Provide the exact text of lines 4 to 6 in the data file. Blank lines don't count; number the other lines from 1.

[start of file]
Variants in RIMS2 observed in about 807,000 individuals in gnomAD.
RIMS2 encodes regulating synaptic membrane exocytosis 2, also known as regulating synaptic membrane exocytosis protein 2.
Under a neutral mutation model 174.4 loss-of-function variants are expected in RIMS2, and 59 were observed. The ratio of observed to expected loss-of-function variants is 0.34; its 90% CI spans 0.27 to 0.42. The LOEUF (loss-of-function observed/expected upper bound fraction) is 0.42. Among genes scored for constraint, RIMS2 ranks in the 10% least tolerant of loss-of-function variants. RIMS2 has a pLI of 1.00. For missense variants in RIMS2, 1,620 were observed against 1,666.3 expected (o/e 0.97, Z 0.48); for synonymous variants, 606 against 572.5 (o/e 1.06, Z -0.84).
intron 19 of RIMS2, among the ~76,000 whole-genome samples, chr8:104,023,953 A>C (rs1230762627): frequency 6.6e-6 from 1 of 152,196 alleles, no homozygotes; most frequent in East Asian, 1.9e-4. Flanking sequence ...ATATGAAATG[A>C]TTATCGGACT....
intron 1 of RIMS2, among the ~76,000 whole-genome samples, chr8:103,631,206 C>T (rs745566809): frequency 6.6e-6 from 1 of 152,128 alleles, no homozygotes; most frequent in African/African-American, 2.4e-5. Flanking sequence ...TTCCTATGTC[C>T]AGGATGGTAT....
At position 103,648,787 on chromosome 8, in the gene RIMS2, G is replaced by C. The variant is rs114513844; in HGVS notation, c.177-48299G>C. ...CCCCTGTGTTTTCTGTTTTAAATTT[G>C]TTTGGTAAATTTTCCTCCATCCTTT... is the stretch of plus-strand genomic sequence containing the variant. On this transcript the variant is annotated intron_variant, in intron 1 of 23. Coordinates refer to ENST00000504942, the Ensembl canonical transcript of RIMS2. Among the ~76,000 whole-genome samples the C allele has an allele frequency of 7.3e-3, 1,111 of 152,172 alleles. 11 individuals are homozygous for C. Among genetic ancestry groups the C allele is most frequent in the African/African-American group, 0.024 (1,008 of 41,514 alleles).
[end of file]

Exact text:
intron 19 of RIMS2, among the ~76,000 whole-genome samples, chr8:104,023,953 A>C (rs1230762627): frequency 6.6e-6 from 1 of 152,196 alleles, no homozygotes; most frequent in East Asian, 1.9e-4. Flanking sequence ...ATATGAAATG[A>C]TTATCGGACT....
intron 1 of RIMS2, among the ~76,000 whole-genome samples, chr8:103,631,206 C>T (rs745566809): frequency 6.6e-6 from 1 of 152,128 alleles, no homozygotes; most frequent in African/African-American, 2.4e-5. Flanking sequence ...TTCCTATGTC[C>T]AGGATGGTAT....
At position 103,648,787 on chromosome 8, in the gene RIMS2, G is replaced by C. The variant is rs114513844; in HGVS notation, c.177-48299G>C. ...CCCCTGTGTTTTCTGTTTTAAATTT[G>C]TTTGGTAAATTTTCCTCCATCCTTT... is the stretch of plus-strand genomic sequence containing the variant. On this transcript the variant is annotated intron_variant, in intron 1 of 23. Coordinates refer to ENST00000504942, the Ensembl canonical transcript of RIMS2. Among the ~76,000 whole-genome samples the C allele has an allele frequency of 7.3e-3, 1,111 of 152,172 alleles. 11 individuals are homozygous for C. Among genetic ancestry groups the C allele is most frequent in the African/African-American group, 0.024 (1,008 of 41,514 alleles).